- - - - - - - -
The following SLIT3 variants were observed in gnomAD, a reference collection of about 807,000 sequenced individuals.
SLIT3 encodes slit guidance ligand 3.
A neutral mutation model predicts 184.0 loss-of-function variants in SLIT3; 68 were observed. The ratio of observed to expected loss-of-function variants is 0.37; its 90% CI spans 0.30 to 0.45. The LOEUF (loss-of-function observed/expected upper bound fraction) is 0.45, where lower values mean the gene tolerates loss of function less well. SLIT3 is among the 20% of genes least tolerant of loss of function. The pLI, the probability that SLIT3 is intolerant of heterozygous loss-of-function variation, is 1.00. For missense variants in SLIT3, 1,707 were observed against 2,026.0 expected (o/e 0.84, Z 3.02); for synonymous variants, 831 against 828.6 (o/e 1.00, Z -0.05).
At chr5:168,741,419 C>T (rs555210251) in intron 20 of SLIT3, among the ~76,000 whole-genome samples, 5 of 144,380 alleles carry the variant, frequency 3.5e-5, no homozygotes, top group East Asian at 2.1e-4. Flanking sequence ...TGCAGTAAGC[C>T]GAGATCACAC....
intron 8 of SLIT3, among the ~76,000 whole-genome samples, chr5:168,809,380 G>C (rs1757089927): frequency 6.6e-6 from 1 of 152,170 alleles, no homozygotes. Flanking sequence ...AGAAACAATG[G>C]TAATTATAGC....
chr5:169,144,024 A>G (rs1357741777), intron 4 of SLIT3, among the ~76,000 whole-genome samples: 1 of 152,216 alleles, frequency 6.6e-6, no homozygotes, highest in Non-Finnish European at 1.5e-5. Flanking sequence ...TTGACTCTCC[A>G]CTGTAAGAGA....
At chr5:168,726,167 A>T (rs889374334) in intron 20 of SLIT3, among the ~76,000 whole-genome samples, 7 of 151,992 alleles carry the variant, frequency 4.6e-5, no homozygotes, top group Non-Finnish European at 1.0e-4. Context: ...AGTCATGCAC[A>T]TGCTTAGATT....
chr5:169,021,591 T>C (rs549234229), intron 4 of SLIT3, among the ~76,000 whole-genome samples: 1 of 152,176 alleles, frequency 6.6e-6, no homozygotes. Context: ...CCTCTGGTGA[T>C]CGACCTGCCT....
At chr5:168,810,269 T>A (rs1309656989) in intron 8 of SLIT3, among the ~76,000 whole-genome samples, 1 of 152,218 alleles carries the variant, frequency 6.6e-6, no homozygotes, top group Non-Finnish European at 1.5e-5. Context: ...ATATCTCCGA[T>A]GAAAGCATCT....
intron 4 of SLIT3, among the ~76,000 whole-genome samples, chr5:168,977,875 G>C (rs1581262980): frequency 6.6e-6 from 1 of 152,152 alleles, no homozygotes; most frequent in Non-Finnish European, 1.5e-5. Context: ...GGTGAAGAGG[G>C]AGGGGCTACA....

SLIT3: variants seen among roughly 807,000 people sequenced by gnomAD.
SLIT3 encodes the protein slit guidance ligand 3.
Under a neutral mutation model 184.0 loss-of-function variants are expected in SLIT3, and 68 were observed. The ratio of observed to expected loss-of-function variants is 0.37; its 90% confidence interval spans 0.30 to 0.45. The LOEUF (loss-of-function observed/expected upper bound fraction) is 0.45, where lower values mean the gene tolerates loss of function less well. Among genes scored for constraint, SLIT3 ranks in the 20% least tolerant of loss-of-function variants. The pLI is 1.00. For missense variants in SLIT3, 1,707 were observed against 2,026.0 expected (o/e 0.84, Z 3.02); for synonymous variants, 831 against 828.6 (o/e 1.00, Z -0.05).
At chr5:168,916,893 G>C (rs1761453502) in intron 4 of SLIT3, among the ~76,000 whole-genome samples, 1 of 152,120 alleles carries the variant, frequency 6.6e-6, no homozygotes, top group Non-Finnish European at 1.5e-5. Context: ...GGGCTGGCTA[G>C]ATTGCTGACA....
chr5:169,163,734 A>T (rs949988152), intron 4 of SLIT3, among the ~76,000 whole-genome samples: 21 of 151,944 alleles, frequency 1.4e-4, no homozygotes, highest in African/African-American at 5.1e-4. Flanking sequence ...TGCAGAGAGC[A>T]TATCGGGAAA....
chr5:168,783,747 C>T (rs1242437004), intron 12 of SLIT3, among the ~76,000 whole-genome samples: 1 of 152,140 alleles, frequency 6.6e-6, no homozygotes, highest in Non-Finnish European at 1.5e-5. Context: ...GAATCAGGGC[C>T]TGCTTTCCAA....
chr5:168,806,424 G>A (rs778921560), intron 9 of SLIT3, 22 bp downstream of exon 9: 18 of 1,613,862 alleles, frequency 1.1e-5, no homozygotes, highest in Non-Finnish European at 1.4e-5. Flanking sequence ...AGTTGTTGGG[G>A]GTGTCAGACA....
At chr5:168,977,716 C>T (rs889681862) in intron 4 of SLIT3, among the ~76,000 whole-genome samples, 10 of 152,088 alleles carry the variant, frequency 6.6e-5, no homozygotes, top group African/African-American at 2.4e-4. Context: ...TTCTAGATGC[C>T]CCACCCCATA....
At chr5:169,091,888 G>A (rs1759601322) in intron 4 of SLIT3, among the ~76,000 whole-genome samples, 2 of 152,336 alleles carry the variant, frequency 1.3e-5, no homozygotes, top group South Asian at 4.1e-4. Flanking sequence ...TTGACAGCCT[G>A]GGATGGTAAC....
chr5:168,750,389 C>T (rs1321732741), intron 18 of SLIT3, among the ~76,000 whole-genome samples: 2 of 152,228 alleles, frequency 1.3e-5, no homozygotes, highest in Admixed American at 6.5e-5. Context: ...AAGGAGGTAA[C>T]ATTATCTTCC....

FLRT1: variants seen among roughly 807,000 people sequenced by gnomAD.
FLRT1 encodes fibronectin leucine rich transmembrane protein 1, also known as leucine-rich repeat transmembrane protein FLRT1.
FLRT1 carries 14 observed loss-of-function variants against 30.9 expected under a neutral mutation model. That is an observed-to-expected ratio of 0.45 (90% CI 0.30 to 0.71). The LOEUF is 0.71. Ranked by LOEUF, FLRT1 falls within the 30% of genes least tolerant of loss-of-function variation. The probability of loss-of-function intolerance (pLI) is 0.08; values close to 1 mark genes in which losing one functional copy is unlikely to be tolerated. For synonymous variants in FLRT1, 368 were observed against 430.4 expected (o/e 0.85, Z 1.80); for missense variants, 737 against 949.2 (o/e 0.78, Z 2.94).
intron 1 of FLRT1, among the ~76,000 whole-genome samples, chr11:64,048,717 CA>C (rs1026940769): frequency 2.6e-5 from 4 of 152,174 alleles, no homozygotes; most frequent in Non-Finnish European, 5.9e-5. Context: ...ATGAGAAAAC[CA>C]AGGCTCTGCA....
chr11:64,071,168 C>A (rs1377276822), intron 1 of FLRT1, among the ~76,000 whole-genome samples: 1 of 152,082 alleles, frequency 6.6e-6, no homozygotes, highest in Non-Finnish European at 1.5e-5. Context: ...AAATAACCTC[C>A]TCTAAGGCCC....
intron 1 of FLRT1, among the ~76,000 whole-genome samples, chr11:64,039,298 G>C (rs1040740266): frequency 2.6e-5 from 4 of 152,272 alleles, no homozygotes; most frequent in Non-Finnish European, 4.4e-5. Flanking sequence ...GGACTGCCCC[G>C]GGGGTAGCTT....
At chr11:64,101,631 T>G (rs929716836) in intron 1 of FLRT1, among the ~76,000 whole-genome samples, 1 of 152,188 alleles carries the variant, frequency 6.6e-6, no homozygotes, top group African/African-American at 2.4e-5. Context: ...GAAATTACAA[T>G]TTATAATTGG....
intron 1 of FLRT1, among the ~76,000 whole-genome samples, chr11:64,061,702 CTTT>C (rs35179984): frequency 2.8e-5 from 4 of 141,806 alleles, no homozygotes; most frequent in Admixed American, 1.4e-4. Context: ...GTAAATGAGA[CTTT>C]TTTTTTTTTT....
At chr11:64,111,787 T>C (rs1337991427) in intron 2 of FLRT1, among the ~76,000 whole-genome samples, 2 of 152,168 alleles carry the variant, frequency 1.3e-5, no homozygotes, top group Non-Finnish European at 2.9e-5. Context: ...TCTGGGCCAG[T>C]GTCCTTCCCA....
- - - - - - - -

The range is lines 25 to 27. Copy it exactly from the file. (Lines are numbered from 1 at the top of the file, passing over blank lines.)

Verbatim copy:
chr11:64,071,168 C>A (rs1377276822), intron 1 of FLRT1, among the ~76,000 whole-genome samples: 1 of 152,082 alleles, frequency 6.6e-6, no homozygotes, highest in Non-Finnish European at 1.5e-5. Context: ...AAATAACCTC[C>A]TCTAAGGCCC....
intron 1 of FLRT1, among the ~76,000 whole-genome samples, chr11:64,039,298 G>C (rs1040740266): frequency 2.6e-5 from 4 of 152,272 alleles, no homozygotes; most frequent in Non-Finnish European, 4.4e-5. Flanking sequence ...GGACTGCCCC[G>C]GGGGTAGCTT....
At chr11:64,101,631 T>G (rs929716836) in intron 1 of FLRT1, among the ~76,000 whole-genome samples, 1 of 152,188 alleles carries the variant, frequency 6.6e-6, no homozygotes, top group African/African-American at 2.4e-5. Context: ...GAAATTACAA[T>G]TTATAATTGG....